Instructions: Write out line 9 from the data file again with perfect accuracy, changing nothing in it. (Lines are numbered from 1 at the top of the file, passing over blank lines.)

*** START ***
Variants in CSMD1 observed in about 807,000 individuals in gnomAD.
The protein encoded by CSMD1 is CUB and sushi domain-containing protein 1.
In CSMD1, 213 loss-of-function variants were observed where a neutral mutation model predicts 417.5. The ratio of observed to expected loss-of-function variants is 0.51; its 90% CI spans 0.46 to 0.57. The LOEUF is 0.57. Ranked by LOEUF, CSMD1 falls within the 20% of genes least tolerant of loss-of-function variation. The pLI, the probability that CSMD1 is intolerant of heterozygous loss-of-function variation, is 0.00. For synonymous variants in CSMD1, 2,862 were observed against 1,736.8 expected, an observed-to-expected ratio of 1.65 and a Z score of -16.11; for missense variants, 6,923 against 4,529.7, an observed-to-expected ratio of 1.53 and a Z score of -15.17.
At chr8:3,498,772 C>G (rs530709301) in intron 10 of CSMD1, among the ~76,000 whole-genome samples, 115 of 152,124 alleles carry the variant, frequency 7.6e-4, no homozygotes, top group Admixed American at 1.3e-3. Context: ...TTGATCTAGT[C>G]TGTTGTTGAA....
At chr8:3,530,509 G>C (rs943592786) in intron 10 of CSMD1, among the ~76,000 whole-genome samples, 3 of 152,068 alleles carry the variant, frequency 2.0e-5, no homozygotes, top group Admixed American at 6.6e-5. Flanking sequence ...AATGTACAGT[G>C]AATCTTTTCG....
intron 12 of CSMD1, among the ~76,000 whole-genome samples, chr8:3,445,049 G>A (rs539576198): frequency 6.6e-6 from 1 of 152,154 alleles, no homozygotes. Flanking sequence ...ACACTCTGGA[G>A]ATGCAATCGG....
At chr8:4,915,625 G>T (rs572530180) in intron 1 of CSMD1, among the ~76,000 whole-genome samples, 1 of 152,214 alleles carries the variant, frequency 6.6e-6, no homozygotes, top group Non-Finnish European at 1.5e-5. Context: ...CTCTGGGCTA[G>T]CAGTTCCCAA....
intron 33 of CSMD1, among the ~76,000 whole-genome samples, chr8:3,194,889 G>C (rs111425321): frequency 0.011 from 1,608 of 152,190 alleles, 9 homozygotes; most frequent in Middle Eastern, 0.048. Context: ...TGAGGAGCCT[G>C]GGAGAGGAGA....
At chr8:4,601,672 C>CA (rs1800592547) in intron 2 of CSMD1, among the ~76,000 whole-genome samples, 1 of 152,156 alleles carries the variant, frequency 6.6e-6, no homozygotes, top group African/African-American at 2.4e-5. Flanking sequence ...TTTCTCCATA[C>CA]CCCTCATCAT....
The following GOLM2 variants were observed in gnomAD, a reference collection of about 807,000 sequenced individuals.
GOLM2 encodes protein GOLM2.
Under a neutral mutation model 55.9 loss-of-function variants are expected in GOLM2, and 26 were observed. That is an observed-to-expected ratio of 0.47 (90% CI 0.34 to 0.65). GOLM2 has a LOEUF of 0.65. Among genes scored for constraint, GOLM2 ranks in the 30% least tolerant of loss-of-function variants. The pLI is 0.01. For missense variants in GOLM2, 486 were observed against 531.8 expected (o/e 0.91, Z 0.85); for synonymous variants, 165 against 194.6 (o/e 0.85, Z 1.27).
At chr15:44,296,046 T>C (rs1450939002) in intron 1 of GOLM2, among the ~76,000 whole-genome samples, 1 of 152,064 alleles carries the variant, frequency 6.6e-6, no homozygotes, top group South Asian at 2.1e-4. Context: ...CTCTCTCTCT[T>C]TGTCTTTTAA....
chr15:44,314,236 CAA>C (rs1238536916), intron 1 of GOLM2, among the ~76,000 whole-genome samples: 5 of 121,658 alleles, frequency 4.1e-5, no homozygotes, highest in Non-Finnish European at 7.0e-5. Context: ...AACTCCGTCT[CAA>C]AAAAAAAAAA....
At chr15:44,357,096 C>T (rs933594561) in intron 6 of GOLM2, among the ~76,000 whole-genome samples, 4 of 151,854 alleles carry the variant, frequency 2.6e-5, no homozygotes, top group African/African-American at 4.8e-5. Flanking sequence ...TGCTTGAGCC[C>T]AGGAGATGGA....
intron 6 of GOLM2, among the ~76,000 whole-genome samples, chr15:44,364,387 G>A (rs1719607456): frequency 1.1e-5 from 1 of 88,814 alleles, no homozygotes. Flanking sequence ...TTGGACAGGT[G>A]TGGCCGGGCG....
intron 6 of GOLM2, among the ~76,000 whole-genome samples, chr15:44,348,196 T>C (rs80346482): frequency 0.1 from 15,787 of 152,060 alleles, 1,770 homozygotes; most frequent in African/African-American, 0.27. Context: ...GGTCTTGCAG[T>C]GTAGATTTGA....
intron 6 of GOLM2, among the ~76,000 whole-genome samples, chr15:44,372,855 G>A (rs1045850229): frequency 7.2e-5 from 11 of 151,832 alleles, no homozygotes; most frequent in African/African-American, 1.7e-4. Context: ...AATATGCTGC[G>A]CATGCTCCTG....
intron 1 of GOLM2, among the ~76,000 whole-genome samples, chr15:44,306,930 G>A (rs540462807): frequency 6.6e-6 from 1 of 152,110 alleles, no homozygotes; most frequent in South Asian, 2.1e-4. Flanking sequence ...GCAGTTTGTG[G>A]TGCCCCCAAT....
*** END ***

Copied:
At chr8:4,601,672 C>CA (rs1800592547) in intron 2 of CSMD1, among the ~76,000 whole-genome samples, 1 of 152,156 alleles carries the variant, frequency 6.6e-6, no homozygotes, top group African/African-American at 2.4e-5. Flanking sequence ...TTTCTCCATA[C>CA]CCCTCATCAT....